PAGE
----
compensation reform plan that was put together by A.B. "Buzzy"
Krongard, who served as executive director under former CIA director
George J. Tenet.........
<b>Odd that Foggo's identity was in a classified status as recently as earlier this year, but Wilkes was able to "go visit him" during his overseas assignments? Wouldn't it be more likely that Wilkes would not even know where in the world Foggo was, if his identity and his missions were classified?

Indeed...as recently as three months ago, this news report describes the CIA website's description of Foggo's "status:
December 4, 2005

.....Contracting probe could extend to CIA

One current and two retired senior CIA officials told Government Executive that (as noted last week by reporter Laura Rozen in The American Prospect's TAPPED blog) the relationship of Wilkes and <b>Foggo--who the CIA's Web site declares is "under cover and cannot be named at this time,"</b> even though he is pictured and identified on a federal charity web page--has been a subject of increasing concern by some at Langley.
No. 3 CIA official investigated on ties to Wilkes

By Dean Calbreath

March 4, 2006

The CIA said yesterday it is investigating the connection between the agency's No. 3 official and a co-conspirator in the bribery case of former Rep. Randy “Duke” Cunningham.

The CIA's executive director, Kyle “Dusty” Foggo, is a lifelong friend of Poway defense contractor Brent Wilkes. Federal prosecutors say Wilkes is the unindicted co-conspirator who, according to court documents, gave Cunningham $630,000 in bribes in exchange for federal contracts.

....Keith Ashdown, who monitors government contracts at the nonpartisan Taxpayers for Common Sense, said the investigation is overdue.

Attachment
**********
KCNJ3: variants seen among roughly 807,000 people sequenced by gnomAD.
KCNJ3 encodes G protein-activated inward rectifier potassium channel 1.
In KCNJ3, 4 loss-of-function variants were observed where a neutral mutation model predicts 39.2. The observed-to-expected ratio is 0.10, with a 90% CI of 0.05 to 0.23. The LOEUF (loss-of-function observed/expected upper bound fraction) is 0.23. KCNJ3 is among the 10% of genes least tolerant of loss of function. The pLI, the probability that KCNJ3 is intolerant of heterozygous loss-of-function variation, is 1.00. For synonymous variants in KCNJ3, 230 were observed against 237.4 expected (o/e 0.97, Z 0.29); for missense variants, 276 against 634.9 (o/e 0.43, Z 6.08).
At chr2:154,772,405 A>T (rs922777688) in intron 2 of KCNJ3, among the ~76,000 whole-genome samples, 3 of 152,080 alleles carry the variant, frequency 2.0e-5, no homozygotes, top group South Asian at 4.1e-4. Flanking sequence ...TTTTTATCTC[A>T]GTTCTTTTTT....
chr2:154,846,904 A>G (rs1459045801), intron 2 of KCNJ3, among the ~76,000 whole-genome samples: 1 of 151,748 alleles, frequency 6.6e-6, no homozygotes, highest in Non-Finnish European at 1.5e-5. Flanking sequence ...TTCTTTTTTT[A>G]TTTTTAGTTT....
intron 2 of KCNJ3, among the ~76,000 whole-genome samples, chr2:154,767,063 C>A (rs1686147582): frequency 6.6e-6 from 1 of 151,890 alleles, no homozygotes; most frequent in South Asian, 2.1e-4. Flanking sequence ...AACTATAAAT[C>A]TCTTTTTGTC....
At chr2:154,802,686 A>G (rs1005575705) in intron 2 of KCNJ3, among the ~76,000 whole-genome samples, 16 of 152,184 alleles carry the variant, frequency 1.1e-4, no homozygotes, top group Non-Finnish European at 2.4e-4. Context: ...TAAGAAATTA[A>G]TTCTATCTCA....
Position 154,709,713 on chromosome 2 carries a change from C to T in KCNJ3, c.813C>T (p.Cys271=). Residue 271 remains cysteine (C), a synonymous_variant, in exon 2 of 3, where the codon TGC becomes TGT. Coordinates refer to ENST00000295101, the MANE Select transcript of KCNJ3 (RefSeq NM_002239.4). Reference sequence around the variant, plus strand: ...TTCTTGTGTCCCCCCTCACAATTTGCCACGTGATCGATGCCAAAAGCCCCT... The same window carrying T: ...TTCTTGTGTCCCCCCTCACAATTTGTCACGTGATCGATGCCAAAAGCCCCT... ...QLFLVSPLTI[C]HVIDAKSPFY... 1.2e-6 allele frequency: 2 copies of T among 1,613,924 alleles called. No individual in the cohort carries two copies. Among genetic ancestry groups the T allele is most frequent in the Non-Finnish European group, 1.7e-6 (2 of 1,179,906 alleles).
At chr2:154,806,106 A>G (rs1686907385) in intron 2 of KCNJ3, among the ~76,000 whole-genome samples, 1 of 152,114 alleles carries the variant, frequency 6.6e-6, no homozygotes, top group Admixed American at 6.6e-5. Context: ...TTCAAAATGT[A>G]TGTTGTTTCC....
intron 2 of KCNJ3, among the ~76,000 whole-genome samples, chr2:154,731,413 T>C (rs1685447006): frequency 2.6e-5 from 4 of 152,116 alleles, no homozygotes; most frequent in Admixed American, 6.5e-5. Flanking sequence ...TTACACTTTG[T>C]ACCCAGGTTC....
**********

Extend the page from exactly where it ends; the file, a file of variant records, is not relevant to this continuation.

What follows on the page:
“One guy controls acquisition budgets. The other guy abuses acquisition budgets,” Ashdown said. “It's as close to a perfect storm as you can get.”

Because the CIA is funded through the so-called “black budget” – which is shielded from public scrutiny – it is hard to know how much business Wilkes is doing with the agency.

But CIA employees, business associates of Wilkes and former employees of his flagship company, ADCS Inc., have told The San Diego Union-Tribune that Wilkes has several CIA contracts, ranging from providing CIA agents with bottled water and first-aid kits to performing unspecified work in Iraq.

Most of the work, the sources say, was handled by Archer Logistics, a Wilkes company that shares office space in Chantilly, Va., with Wilkes' two-person lobbying firm, Group W Advisors. .....

<b>.....After Foggo joined the CIA in 1982, Wilkes often visited him on Foggo's overseas assignments. Even before the CIA removed Foggo's undercover status last year, Wilkes and Foggo boasted to acquaintances about Foggo's secretive work.</b>